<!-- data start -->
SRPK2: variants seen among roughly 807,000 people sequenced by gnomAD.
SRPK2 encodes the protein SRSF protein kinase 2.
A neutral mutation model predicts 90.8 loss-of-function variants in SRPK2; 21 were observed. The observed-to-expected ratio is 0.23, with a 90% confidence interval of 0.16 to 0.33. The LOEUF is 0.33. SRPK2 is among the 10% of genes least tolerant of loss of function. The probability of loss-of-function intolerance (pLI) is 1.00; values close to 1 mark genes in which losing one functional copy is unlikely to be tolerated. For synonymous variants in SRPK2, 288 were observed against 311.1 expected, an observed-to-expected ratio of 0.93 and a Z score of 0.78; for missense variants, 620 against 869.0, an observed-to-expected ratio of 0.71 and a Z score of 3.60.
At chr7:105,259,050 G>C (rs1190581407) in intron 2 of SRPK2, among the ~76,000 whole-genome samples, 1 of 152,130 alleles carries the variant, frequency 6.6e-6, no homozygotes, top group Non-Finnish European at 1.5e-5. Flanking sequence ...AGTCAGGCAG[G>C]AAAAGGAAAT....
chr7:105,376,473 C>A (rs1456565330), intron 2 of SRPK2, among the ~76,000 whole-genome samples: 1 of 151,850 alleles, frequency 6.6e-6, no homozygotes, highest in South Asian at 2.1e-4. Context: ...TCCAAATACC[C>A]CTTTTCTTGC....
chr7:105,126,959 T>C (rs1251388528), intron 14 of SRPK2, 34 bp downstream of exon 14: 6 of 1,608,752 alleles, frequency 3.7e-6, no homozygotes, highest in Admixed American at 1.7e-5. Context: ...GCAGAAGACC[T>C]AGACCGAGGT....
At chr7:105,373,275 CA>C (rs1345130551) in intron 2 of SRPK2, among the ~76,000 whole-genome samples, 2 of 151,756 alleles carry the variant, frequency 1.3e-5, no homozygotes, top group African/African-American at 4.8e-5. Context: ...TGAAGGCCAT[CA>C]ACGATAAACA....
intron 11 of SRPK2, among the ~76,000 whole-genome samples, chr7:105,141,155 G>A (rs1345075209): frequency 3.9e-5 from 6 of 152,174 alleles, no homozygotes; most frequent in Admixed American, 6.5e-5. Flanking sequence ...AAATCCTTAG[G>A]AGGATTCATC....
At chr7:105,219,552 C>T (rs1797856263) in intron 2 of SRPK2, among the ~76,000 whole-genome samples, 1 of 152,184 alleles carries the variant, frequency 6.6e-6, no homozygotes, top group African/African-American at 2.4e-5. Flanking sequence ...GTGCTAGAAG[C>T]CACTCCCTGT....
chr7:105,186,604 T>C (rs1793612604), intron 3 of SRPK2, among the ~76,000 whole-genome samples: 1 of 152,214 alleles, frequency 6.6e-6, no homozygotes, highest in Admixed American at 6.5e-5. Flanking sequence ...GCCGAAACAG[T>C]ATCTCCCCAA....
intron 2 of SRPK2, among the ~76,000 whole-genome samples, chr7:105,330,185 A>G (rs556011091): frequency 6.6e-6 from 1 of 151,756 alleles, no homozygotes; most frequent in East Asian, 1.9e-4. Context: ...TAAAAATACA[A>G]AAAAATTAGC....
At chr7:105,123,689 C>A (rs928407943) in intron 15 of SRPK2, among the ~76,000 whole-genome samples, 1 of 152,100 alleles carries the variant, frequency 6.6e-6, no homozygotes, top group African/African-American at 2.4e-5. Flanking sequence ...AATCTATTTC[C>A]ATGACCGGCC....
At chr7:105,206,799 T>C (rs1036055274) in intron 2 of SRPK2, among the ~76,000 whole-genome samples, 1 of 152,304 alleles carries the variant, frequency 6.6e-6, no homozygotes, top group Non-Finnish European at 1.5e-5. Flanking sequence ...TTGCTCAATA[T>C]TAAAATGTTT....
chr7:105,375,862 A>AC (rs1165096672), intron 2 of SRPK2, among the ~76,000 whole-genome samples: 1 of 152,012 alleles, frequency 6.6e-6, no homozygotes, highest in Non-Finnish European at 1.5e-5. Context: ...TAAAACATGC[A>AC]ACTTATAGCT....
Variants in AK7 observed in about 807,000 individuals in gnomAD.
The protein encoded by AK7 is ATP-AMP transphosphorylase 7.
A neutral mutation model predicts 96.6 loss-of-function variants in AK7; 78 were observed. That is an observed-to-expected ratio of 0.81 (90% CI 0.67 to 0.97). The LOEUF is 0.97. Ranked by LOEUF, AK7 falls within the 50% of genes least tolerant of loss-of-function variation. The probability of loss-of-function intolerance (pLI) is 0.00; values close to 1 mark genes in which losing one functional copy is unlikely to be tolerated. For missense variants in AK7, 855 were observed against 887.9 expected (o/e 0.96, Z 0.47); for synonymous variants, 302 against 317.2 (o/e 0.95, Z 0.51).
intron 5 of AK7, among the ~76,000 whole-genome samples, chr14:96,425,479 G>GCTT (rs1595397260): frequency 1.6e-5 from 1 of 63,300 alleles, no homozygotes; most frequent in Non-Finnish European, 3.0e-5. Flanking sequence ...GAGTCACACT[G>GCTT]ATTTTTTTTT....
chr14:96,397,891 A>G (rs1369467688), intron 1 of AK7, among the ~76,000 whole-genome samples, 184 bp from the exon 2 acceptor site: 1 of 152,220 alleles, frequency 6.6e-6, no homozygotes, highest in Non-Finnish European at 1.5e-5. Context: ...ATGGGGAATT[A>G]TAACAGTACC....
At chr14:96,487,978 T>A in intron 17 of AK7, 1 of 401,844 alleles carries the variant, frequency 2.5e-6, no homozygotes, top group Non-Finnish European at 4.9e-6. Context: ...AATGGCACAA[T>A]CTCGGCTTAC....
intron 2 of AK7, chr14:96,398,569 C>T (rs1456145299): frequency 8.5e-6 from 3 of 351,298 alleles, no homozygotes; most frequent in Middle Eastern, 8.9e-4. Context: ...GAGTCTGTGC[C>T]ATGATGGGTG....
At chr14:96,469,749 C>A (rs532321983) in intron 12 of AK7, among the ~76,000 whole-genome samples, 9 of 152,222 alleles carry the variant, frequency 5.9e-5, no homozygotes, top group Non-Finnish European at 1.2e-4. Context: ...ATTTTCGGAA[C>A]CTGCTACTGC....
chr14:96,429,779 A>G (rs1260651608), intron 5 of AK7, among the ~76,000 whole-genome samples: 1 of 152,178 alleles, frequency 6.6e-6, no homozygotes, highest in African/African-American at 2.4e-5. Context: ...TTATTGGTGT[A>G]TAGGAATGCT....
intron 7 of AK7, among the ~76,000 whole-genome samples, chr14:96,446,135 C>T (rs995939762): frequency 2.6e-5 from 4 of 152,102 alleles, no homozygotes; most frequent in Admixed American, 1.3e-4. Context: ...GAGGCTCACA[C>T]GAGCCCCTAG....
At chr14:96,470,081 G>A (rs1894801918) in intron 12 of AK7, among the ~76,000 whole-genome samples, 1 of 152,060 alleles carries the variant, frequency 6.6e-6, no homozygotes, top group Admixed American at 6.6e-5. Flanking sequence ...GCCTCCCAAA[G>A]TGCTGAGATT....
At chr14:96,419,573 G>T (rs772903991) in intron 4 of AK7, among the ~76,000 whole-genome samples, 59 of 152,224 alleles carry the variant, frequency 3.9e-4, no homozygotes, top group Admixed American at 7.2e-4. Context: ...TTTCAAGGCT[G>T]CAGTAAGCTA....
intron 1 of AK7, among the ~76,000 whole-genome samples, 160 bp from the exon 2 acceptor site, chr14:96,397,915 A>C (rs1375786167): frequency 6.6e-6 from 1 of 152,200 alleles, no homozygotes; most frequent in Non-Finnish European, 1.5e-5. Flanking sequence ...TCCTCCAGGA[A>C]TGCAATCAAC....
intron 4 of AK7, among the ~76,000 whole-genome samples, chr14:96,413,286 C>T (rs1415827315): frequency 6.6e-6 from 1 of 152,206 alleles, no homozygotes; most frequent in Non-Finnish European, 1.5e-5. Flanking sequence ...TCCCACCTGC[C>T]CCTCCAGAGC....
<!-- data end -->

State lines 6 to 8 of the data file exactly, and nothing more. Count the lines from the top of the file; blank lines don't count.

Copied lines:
chr7:105,126,959 T>C (rs1251388528), intron 14 of SRPK2, 34 bp downstream of exon 14: 6 of 1,608,752 alleles, frequency 3.7e-6, no homozygotes, highest in Admixed American at 1.7e-5. Context: ...GCAGAAGACC[T>C]AGACCGAGGT....
At chr7:105,373,275 CA>C (rs1345130551) in intron 2 of SRPK2, among the ~76,000 whole-genome samples, 2 of 151,756 alleles carry the variant, frequency 1.3e-5, no homozygotes, top group African/African-American at 4.8e-5. Context: ...TGAAGGCCAT[CA>C]ACGATAAACA....
intron 11 of SRPK2, among the ~76,000 whole-genome samples, chr7:105,141,155 G>A (rs1345075209): frequency 3.9e-5 from 6 of 152,174 alleles, no homozygotes; most frequent in Admixed American, 6.5e-5. Flanking sequence ...AAATCCTTAG[G>A]AGGATTCATC....